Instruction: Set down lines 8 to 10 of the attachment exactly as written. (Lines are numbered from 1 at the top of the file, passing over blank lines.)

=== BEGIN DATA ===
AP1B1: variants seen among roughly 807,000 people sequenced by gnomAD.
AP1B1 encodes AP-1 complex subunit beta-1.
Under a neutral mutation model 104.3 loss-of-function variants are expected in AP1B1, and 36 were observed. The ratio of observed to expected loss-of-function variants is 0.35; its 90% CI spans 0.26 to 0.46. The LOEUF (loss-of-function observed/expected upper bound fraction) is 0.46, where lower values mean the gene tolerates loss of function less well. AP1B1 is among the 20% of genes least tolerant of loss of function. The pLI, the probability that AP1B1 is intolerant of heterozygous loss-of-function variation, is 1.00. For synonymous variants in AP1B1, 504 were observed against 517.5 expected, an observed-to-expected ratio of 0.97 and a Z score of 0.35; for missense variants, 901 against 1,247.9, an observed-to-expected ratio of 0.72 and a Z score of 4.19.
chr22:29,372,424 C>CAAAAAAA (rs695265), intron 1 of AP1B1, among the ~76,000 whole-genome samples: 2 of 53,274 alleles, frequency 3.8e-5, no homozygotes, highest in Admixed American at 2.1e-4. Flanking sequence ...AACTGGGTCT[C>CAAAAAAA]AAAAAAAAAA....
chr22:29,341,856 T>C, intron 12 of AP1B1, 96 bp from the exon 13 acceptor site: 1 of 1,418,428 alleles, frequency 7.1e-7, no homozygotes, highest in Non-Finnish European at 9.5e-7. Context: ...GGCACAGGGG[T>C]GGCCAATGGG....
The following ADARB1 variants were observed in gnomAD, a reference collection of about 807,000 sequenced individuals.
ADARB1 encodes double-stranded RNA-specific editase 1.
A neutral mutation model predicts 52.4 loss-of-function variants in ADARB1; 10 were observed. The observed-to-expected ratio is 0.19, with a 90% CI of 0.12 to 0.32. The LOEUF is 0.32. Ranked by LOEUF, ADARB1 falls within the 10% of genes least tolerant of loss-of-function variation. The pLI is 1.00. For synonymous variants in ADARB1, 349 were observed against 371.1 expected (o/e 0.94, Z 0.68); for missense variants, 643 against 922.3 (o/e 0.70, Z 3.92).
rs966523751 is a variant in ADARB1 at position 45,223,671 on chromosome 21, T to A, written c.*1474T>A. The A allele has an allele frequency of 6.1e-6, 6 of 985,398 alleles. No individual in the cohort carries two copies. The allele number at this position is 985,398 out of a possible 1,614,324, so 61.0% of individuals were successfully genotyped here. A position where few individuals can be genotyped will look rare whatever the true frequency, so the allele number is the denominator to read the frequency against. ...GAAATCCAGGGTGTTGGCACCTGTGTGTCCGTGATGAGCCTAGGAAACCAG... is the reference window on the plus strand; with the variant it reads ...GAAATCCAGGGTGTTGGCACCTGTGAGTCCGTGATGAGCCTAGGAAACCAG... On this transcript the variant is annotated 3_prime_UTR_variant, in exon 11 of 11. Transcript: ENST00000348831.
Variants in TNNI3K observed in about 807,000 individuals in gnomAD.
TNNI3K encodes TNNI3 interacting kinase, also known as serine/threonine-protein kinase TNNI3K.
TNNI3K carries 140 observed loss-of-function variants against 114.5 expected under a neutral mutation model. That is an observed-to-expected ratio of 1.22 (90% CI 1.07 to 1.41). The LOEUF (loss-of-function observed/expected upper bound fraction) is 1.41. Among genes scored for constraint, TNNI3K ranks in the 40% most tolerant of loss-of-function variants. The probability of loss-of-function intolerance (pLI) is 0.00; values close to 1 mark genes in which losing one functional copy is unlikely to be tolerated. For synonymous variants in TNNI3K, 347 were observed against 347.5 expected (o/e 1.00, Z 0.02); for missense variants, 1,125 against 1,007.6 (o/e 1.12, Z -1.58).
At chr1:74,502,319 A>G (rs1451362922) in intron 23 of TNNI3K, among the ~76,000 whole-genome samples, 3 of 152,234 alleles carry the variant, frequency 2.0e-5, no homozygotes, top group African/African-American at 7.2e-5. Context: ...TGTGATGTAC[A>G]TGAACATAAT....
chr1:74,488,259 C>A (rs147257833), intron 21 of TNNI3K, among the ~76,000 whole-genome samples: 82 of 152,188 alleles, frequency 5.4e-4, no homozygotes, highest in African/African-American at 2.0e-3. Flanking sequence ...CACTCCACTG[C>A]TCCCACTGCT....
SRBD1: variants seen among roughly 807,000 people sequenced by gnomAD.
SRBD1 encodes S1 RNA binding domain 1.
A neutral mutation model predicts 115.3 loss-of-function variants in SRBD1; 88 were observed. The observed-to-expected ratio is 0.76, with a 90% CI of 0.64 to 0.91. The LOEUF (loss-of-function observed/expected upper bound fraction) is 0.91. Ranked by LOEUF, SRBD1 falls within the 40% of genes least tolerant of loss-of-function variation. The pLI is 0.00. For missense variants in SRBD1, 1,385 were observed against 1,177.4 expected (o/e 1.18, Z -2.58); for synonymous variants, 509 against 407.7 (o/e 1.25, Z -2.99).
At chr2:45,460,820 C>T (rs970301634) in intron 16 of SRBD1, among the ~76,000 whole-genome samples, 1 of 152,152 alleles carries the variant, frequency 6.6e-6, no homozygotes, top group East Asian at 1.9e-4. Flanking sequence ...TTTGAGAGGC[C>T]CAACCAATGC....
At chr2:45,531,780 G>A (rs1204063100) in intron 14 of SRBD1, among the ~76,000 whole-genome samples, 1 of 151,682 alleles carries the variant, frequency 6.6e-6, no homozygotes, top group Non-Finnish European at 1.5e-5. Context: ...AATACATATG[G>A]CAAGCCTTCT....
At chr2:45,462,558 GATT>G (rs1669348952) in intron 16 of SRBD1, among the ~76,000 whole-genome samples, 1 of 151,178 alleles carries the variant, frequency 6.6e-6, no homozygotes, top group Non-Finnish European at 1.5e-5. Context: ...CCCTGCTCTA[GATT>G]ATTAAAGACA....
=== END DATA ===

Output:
A neutral mutation model predicts 52.4 loss-of-function variants in ADARB1; 10 were observed. The observed-to-expected ratio is 0.19, with a 90% CI of 0.12 to 0.32. The LOEUF is 0.32. Ranked by LOEUF, ADARB1 falls within the 10% of genes least tolerant of loss-of-function variation. The pLI is 1.00. For synonymous variants in ADARB1, 349 were observed against 371.1 expected (o/e 0.94, Z 0.68); for missense variants, 643 against 922.3 (o/e 0.70, Z 3.92).
rs966523751 is a variant in ADARB1 at position 45,223,671 on chromosome 21, T to A, written c.*1474T>A. The A allele has an allele frequency of 6.1e-6, 6 of 985,398 alleles. No individual in the cohort carries two copies. The allele number at this position is 985,398 out of a possible 1,614,324, so 61.0% of individuals were successfully genotyped here. A position where few individuals can be genotyped will look rare whatever the true frequency, so the allele number is the denominator to read the frequency against. ...GAAATCCAGGGTGTTGGCACCTGTGTGTCCGTGATGAGCCTAGGAAACCAG... is the reference window on the plus strand; with the variant it reads ...GAAATCCAGGGTGTTGGCACCTGTGAGTCCGTGATGAGCCTAGGAAACCAG... On this transcript the variant is annotated 3_prime_UTR_variant, in exon 11 of 11. Transcript: ENST00000348831.
Variants in TNNI3K observed in about 807,000 individuals in gnomAD.